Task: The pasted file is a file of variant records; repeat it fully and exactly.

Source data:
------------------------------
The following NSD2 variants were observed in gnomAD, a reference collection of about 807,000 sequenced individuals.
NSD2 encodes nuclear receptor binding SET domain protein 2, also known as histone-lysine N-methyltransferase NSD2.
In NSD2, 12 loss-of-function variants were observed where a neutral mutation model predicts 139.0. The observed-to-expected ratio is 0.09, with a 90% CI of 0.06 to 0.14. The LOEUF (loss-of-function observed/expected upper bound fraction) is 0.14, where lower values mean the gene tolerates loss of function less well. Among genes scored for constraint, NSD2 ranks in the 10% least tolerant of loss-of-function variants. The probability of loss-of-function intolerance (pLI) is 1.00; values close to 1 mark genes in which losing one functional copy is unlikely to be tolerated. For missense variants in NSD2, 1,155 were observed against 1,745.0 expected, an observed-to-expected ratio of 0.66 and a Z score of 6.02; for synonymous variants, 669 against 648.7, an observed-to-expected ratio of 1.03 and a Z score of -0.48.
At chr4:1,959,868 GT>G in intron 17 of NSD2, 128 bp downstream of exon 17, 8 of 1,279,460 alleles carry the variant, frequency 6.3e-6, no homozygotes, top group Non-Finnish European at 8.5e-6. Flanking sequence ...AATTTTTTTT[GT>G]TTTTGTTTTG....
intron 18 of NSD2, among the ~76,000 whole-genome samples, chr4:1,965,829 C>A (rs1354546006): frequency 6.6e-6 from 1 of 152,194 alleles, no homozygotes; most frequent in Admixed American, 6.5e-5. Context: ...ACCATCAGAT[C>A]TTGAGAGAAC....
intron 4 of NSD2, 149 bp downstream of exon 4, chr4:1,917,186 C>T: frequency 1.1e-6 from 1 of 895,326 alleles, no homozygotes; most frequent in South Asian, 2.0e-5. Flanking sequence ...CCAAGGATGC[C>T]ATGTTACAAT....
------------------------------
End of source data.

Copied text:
The following NSD2 variants were observed in gnomAD, a reference collection of about 807,000 sequenced individuals.
NSD2 encodes nuclear receptor binding SET domain protein 2, also known as histone-lysine N-methyltransferase NSD2.
In NSD2, 12 loss-of-function variants were observed where a neutral mutation model predicts 139.0. The observed-to-expected ratio is 0.09, with a 90% CI of 0.06 to 0.14. The LOEUF (loss-of-function observed/expected upper bound fraction) is 0.14, where lower values mean the gene tolerates loss of function less well. Among genes scored for constraint, NSD2 ranks in the 10% least tolerant of loss-of-function variants. The probability of loss-of-function intolerance (pLI) is 1.00; values close to 1 mark genes in which losing one functional copy is unlikely to be tolerated. For missense variants in NSD2, 1,155 were observed against 1,745.0 expected, an observed-to-expected ratio of 0.66 and a Z score of 6.02; for synonymous variants, 669 against 648.7, an observed-to-expected ratio of 1.03 and a Z score of -0.48.
At chr4:1,959,868 GT>G in intron 17 of NSD2, 128 bp downstream of exon 17, 8 of 1,279,460 alleles carry the variant, frequency 6.3e-6, no homozygotes, top group Non-Finnish European at 8.5e-6. Flanking sequence ...AATTTTTTTT[GT>G]TTTTGTTTTG....
intron 18 of NSD2, among the ~76,000 whole-genome samples, chr4:1,965,829 C>A (rs1354546006): frequency 6.6e-6 from 1 of 152,194 alleles, no homozygotes; most frequent in Admixed American, 6.5e-5. Context: ...ACCATCAGAT[C>A]TTGAGAGAAC....
intron 4 of NSD2, 149 bp downstream of exon 4, chr4:1,917,186 C>T: frequency 1.1e-6 from 1 of 895,326 alleles, no homozygotes; most frequent in South Asian, 2.0e-5. Flanking sequence ...CCAAGGATGC[C>T]ATGTTACAAT....